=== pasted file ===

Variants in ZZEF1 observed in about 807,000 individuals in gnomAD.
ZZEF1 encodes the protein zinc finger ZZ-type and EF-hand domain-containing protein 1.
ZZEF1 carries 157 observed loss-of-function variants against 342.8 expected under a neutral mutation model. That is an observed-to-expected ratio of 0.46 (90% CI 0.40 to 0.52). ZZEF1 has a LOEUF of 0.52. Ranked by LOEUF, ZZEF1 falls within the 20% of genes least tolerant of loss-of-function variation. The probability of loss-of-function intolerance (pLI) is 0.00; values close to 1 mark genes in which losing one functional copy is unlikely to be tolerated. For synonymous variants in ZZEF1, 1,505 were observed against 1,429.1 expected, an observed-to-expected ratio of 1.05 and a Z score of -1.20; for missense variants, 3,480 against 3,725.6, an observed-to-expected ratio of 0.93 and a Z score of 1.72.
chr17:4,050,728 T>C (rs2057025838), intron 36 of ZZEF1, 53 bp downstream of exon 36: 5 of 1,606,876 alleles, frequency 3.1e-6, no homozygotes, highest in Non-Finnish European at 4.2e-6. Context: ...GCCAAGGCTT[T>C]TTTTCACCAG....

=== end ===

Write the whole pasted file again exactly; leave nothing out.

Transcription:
Variants in ZZEF1 observed in about 807,000 individuals in gnomAD.
ZZEF1 encodes the protein zinc finger ZZ-type and EF-hand domain-containing protein 1.
ZZEF1 carries 157 observed loss-of-function variants against 342.8 expected under a neutral mutation model. That is an observed-to-expected ratio of 0.46 (90% CI 0.40 to 0.52). ZZEF1 has a LOEUF of 0.52. Ranked by LOEUF, ZZEF1 falls within the 20% of genes least tolerant of loss-of-function variation. The probability of loss-of-function intolerance (pLI) is 0.00; values close to 1 mark genes in which losing one functional copy is unlikely to be tolerated. For synonymous variants in ZZEF1, 1,505 were observed against 1,429.1 expected, an observed-to-expected ratio of 1.05 and a Z score of -1.20; for missense variants, 3,480 against 3,725.6, an observed-to-expected ratio of 0.93 and a Z score of 1.72.
chr17:4,050,728 T>C (rs2057025838), intron 36 of ZZEF1, 53 bp downstream of exon 36: 5 of 1,606,876 alleles, frequency 3.1e-6, no homozygotes, highest in Non-Finnish European at 4.2e-6. Context: ...GCCAAGGCTT[T>C]TTTTCACCAG....